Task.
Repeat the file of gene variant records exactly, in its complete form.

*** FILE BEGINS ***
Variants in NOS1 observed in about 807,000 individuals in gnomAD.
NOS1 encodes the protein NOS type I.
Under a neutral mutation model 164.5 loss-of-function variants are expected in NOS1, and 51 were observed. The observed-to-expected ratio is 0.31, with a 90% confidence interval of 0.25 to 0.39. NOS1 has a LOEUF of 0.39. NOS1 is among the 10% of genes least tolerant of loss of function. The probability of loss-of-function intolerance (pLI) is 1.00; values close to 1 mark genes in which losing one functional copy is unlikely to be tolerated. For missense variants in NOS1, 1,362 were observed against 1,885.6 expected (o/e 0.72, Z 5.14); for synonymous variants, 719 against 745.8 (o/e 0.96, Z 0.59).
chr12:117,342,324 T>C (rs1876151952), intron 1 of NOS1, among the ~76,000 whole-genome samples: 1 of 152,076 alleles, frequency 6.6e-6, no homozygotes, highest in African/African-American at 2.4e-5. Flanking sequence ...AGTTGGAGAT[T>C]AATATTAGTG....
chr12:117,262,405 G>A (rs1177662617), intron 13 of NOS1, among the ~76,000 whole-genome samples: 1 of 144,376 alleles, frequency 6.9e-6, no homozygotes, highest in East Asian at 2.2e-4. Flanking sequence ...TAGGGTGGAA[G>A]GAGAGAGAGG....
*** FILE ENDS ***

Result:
Variants in NOS1 observed in about 807,000 individuals in gnomAD.
NOS1 encodes the protein NOS type I.
Under a neutral mutation model 164.5 loss-of-function variants are expected in NOS1, and 51 were observed. The observed-to-expected ratio is 0.31, with a 90% confidence interval of 0.25 to 0.39. NOS1 has a LOEUF of 0.39. NOS1 is among the 10% of genes least tolerant of loss of function. The probability of loss-of-function intolerance (pLI) is 1.00; values close to 1 mark genes in which losing one functional copy is unlikely to be tolerated. For missense variants in NOS1, 1,362 were observed against 1,885.6 expected (o/e 0.72, Z 5.14); for synonymous variants, 719 against 745.8 (o/e 0.96, Z 0.59).
chr12:117,342,324 T>C (rs1876151952), intron 1 of NOS1, among the ~76,000 whole-genome samples: 1 of 152,076 alleles, frequency 6.6e-6, no homozygotes, highest in African/African-American at 2.4e-5. Flanking sequence ...AGTTGGAGAT[T>C]AATATTAGTG....
chr12:117,262,405 G>A (rs1177662617), intron 13 of NOS1, among the ~76,000 whole-genome samples: 1 of 144,376 alleles, frequency 6.9e-6, no homozygotes, highest in East Asian at 2.2e-4. Flanking sequence ...TAGGGTGGAA[G>A]GAGAGAGAGG....